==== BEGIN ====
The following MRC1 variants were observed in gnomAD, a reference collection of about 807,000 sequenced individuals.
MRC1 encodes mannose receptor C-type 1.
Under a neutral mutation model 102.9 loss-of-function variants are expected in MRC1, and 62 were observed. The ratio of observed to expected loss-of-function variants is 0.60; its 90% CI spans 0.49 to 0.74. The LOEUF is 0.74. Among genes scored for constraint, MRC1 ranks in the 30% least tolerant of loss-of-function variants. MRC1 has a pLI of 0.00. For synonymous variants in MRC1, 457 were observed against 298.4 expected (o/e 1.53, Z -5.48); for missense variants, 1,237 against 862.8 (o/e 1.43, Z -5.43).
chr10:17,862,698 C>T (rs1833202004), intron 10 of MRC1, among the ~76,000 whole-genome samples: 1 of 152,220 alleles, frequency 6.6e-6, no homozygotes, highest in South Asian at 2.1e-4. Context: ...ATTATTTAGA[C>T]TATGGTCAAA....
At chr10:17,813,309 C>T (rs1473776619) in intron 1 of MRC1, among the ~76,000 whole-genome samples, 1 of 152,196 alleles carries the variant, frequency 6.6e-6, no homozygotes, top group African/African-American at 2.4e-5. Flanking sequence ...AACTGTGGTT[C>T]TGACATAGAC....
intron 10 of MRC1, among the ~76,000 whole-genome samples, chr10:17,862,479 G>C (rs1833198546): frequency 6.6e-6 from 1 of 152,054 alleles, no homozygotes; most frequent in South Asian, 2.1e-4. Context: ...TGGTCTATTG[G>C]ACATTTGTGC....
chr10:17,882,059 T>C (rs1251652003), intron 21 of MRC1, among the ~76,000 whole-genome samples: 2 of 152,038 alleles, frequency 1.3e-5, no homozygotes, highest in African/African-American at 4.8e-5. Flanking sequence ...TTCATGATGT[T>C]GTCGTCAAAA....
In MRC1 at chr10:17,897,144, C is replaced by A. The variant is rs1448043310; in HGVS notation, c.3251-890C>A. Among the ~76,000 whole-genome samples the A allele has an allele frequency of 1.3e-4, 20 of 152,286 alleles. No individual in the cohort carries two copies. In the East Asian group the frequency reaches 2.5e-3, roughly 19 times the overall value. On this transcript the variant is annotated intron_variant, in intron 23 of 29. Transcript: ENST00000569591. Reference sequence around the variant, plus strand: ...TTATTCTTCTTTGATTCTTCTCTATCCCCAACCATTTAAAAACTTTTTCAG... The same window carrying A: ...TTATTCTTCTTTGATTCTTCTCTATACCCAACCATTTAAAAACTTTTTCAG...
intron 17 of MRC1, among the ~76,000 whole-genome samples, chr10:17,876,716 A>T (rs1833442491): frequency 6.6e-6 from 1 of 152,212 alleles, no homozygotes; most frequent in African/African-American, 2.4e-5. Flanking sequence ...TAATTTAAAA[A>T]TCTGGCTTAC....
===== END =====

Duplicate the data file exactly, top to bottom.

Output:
The following MRC1 variants were observed in gnomAD, a reference collection of about 807,000 sequenced individuals.
MRC1 encodes mannose receptor C-type 1.
Under a neutral mutation model 102.9 loss-of-function variants are expected in MRC1, and 62 were observed. The ratio of observed to expected loss-of-function variants is 0.60; its 90% CI spans 0.49 to 0.74. The LOEUF is 0.74. Among genes scored for constraint, MRC1 ranks in the 30% least tolerant of loss-of-function variants. MRC1 has a pLI of 0.00. For synonymous variants in MRC1, 457 were observed against 298.4 expected (o/e 1.53, Z -5.48); for missense variants, 1,237 against 862.8 (o/e 1.43, Z -5.43).
chr10:17,862,698 C>T (rs1833202004), intron 10 of MRC1, among the ~76,000 whole-genome samples: 1 of 152,220 alleles, frequency 6.6e-6, no homozygotes, highest in South Asian at 2.1e-4. Context: ...ATTATTTAGA[C>T]TATGGTCAAA....
At chr10:17,813,309 C>T (rs1473776619) in intron 1 of MRC1, among the ~76,000 whole-genome samples, 1 of 152,196 alleles carries the variant, frequency 6.6e-6, no homozygotes, top group African/African-American at 2.4e-5. Flanking sequence ...AACTGTGGTT[C>T]TGACATAGAC....
intron 10 of MRC1, among the ~76,000 whole-genome samples, chr10:17,862,479 G>C (rs1833198546): frequency 6.6e-6 from 1 of 152,054 alleles, no homozygotes; most frequent in South Asian, 2.1e-4. Context: ...TGGTCTATTG[G>C]ACATTTGTGC....
chr10:17,882,059 T>C (rs1251652003), intron 21 of MRC1, among the ~76,000 whole-genome samples: 2 of 152,038 alleles, frequency 1.3e-5, no homozygotes, highest in African/African-American at 4.8e-5. Flanking sequence ...TTCATGATGT[T>C]GTCGTCAAAA....
In MRC1 at chr10:17,897,144, C is replaced by A. The variant is rs1448043310; in HGVS notation, c.3251-890C>A. Among the ~76,000 whole-genome samples the A allele has an allele frequency of 1.3e-4, 20 of 152,286 alleles. No individual in the cohort carries two copies. In the East Asian group the frequency reaches 2.5e-3, roughly 19 times the overall value. On this transcript the variant is annotated intron_variant, in intron 23 of 29. Transcript: ENST00000569591. Reference sequence around the variant, plus strand: ...TTATTCTTCTTTGATTCTTCTCTATCCCCAACCATTTAAAAACTTTTTCAG... The same window carrying A: ...TTATTCTTCTTTGATTCTTCTCTATACCCAACCATTTAAAAACTTTTTCAG...
intron 17 of MRC1, among the ~76,000 whole-genome samples, chr10:17,876,716 A>T (rs1833442491): frequency 6.6e-6 from 1 of 152,212 alleles, no homozygotes; most frequent in African/African-American, 2.4e-5. Flanking sequence ...TAATTTAAAA[A>T]TCTGGCTTAC....